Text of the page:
Flexibility and Diversity
We are bringing greater choice and flexibility into education. New types of schools are being introduced to encourage those with special talents to go as far as they can. Existing schools have been provided with further autonomy and resources to develop their own distinct strengths and specific areas or niches of excellence. These could be either in a particular area of study or in co-curricular activities and character development. The different needs of students will thus be met through a wide range of school types and educational programmes.
- Wider range of curricula and schools:
- Schools will be allowed to offer new ‘O’ Level subjects and elective modules. Some will also offer different curricula and examinations, e.g. the International Baccalaureate.
- New programmes in schools – e.g. the Programme for School-based Excellence in primary schools and the Integrated Programme (IP) and Bicultural Studies Programme (Chinese) in selected secondary schools and junior colleges.
- Specialised independent schools – Singapore Sports School, NUS High School for Maths and Science, School of Science and Technology, and the proposed Arts School.
- Two privately-funded secondary schools have been set up.
- Greater flexibility in streaming. In secondary schools, Normal (Academic) and Normal ( Technical) students have more flexibility to take a few subjects at a higher level or faster pace. Schools also have greater flexibility to transfer these students to another course when they show that they have the ability to benefit from them. Schools may also allow their top Normal (Academic) students to progress to Secondary 5 without taking the ‘N’ Level examinations. In primary schools, the EM1 and EM2 streams have been merged, and primary schools have the autonomy to decide on putting their EM3 students with other classes for lessons in various subjects.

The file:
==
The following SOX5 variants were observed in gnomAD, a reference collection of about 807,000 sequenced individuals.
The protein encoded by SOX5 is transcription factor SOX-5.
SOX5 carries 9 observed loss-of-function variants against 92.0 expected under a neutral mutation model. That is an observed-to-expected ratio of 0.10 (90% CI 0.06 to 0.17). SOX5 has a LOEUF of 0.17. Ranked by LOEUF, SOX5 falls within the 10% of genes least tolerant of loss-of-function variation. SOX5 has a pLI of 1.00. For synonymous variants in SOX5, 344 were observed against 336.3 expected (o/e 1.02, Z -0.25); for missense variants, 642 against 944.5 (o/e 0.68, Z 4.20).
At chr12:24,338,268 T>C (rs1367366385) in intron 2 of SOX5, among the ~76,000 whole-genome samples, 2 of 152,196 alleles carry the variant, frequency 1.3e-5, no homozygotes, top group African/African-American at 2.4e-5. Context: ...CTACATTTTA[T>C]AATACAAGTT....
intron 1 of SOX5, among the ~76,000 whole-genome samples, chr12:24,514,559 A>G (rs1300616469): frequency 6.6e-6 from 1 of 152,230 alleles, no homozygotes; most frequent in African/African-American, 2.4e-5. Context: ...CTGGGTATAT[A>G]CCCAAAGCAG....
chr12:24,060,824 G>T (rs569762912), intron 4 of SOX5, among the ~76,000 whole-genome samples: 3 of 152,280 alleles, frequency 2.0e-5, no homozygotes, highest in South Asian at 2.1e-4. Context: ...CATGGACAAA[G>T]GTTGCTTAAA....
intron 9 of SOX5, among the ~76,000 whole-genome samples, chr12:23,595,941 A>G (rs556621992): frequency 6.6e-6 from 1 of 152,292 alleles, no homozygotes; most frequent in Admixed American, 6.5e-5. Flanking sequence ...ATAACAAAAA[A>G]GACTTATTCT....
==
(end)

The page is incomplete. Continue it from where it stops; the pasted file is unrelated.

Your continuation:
- Greater flexibility in teaching and learning of the Mother Tongue Languages (MTL) to help students with different abilities to go as far as they can. Students may choose to study a non-native MTL as a third language.
A Broad-based, Holistic Education
Our schools are striving to provide students with a holistic education, focused on both academic and non-academic areas. We want to give our students a broad range of experiences and help them make the most of their years together in school where they will interact with one another and form strong friendships for life. As they grow up, we want to provide them with the full opportunity to develop the skills and values that they will need for life. Besides judging our students’ performance through examinations, we are also looking at other and broader measures of how well they do in education.
Schools and tertiary institutions are being given greater flexibility to set their own criteria that recognise different merits in the students that they admit.
School Graduation Certificates has been introduced from 2008 to reflect students’ academic as well as non-academic achievements.
Co-curricular activities have been broadened to recognise and give credit to student-initiated activities and community-based activities.
The school ranking system has been revised to encourage schools in their efforts to provide a broad-based education.
Teach Less, Learn More
We will encourage our students to learn more actively and independently. We want to nurture a curiosity that goes beyond the formal curriculum, and a love for learning that stays with the student through life.
Syllabuses will be trimmed without diluting students’ preparedness for higher education. This will free up time for our students to focus on core knowledge and skills, and to provide greater space for flexibility in carrying out school-based activities in the curriculum.
Schools are providing more opportunities for the character development of their students and for students to develop skills in innovation.
Teaching will be focused on developing understanding, critical thinking and the ability to ask questions and seek answers and solutions.
Examinations and assessment methods will be reviewed, to reduce reliance on rote learning and encourage independent learning and experimentation.